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FAO yearbook, 1995. Vol. 49. Production. FAO annuaire, 1995. Vol. 49. Production. FAO anuario 1995. Vol 49. Produccion.
Rome, Italy, FAO, 1996. xxxvii, 235 p. (FAO Statistics Series No. 133)This UN Food and Agriculture Organization (FAO) Yearbook is a compilation of statistical data on basic agricultural products and related information in all countries and territories of the world. Presented in tabular form, information included in the Yearbook consists of data series on area, yield and production of numerous crops; on livestock numbers and products; and on population, land use, irrigation and farm machinery. Moreover, the Yearbook provides index numbers that highlight trends in food and agricultural production across all countries and continents. The statistical information presented is based primarily on data provided to the Statistics Division of FAO by countries through questionnaires or official statistical publications. In the absence of official data, FAO makes an estimate based on the best information available.
New York, New York, United Nations, 1996. x, 1131 p. (ST/ESA/STAT/SER.R/25)The Demographic Yearbook for 1994 presents comprehensive statistical tables of demography encompassing: population, vital statistics, infant mortality, maternal mortality, mortality, natality, nuptiality, divorce, and economic characteristics for 233 countries throughout the world. The special topic in this 1994 issue focuses on economic characteristics. Data available during 1986-95 include population by sex, population by age and sex, live births by sex, live births by age of the mother and sex of the child, deaths by sex, deaths by age and sex, expectation of life at exact ages by sex, infant deaths by sex, marriages, and divorces. Marriage by age of the groom and the bride is provided for the latest available year. Economic characteristics during 1985-94 include the participation rates of the economically active population by sex, age, and urban/rural residence; inactivity by functional group and sex, age, and urban/rural residence; industry, age, sex, and urban/rural residence for economically active persons; occupation as per industry table; employment or unemployment status by age, sex, and urban/rural residence; employment status and industry, sex, and urban/rural residence; and employment status and occupation, sex, and urban/rural residence. This issue presents special tables on the female economically active population by marital status, age, and urban/rural residence; and the economically active foreign born by occupation, age, and sex.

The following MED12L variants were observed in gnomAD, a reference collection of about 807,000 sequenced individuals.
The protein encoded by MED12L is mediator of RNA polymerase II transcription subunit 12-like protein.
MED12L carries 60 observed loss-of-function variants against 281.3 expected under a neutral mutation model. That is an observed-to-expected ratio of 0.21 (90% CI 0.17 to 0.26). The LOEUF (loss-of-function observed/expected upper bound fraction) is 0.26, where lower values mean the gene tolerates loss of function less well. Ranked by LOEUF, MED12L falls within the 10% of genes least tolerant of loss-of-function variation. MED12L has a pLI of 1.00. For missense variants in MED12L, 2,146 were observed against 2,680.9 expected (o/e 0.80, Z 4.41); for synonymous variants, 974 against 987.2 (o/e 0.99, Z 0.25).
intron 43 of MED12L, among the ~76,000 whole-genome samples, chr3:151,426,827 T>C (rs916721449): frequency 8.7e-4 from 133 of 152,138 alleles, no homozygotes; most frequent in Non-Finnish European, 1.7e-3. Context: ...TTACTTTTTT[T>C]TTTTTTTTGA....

New York, New York, Oxford University Press, 1996. x, 229 p.This 1996 UN Human Development Report identifies human development as an outcome of economic development. The report explores the relationship between economic growth and human development. Several findings give pause for thought. 1) Growth declined over the past 15 years in about 100 countries with almost 33% of global population. 2) Unbalanced development is occurring where there is sufficient growth but little human development or where there is good human development and little or no growth. Economic growth is needed, but an understanding of the structure and quality of growth helps determine whether poverty is reduced, the environment is protected, and sustainability is ensured. Economic decline over the past 15 years has reduced the income of 1.6 billion people. 70 countries in 1996 had less income than in 1980, and 43 countries had less income than in 1970. The declines in depth and duration far exceeded the declines of the Great Depression of the 1930s in industrialized countries. The world was more polarized. $18 trillion out of a $23 trillion gross domestic product occurred in industrialized countries. The poorest 20% of world population had their share of global income decline, from 2.3% to 1.4% in the past 30 years. The share of the richest rose from 70% to 85%. Declines and recovery occurred during various periods by region. Eastern European countries and many Arab countries suffered sharp declines during the 1980s, but African declines began in the 1970s. A turnaround in policy and political will is needed to prevent growth that is "jobless, ruthless, voiceless, rootless, and futureless." Chapter topics focus on trends, growth as a way to achieve human development, links between growth and development, and creation of employment opportunities. Special articles focus on intergenerational equity, humanizing growth, and the South African example. The report presents the 1996 statistical indicators and the balance sheets.